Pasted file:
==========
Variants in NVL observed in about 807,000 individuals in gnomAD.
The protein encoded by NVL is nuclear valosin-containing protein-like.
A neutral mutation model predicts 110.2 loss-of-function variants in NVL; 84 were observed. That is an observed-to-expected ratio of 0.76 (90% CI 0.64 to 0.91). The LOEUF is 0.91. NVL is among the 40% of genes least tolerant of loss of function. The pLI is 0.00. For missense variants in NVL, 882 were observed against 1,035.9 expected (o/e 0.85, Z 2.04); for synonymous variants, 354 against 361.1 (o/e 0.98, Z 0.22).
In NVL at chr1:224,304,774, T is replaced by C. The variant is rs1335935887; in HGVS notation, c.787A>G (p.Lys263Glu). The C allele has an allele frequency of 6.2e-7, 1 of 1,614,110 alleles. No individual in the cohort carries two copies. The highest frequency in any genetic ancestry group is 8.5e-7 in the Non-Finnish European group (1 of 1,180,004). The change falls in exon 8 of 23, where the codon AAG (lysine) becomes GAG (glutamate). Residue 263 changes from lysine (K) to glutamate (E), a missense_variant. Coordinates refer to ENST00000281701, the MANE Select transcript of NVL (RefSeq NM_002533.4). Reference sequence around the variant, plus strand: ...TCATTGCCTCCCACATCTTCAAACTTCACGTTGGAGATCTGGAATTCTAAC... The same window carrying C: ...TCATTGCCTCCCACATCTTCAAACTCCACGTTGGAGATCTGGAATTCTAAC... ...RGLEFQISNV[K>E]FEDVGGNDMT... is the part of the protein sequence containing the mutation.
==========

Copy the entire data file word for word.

Variants in NVL observed in about 807,000 individuals in gnomAD.
The protein encoded by NVL is nuclear valosin-containing protein-like.
A neutral mutation model predicts 110.2 loss-of-function variants in NVL; 84 were observed. That is an observed-to-expected ratio of 0.76 (90% CI 0.64 to 0.91). The LOEUF is 0.91. NVL is among the 40% of genes least tolerant of loss of function. The pLI is 0.00. For missense variants in NVL, 882 were observed against 1,035.9 expected (o/e 0.85, Z 2.04); for synonymous variants, 354 against 361.1 (o/e 0.98, Z 0.22).
In NVL at chr1:224,304,774, T is replaced by C. The variant is rs1335935887; in HGVS notation, c.787A>G (p.Lys263Glu). The C allele has an allele frequency of 6.2e-7, 1 of 1,614,110 alleles. No individual in the cohort carries two copies. The highest frequency in any genetic ancestry group is 8.5e-7 in the Non-Finnish European group (1 of 1,180,004). The change falls in exon 8 of 23, where the codon AAG (lysine) becomes GAG (glutamate). Residue 263 changes from lysine (K) to glutamate (E), a missense_variant. Coordinates refer to ENST00000281701, the MANE Select transcript of NVL (RefSeq NM_002533.4). Reference sequence around the variant, plus strand: ...TCATTGCCTCCCACATCTTCAAACTTCACGTTGGAGATCTGGAATTCTAAC... The same window carrying C: ...TCATTGCCTCCCACATCTTCAAACTCCACGTTGGAGATCTGGAATTCTAAC... ...RGLEFQISNV[K>E]FEDVGGNDMT... is the part of the protein sequence containing the mutation.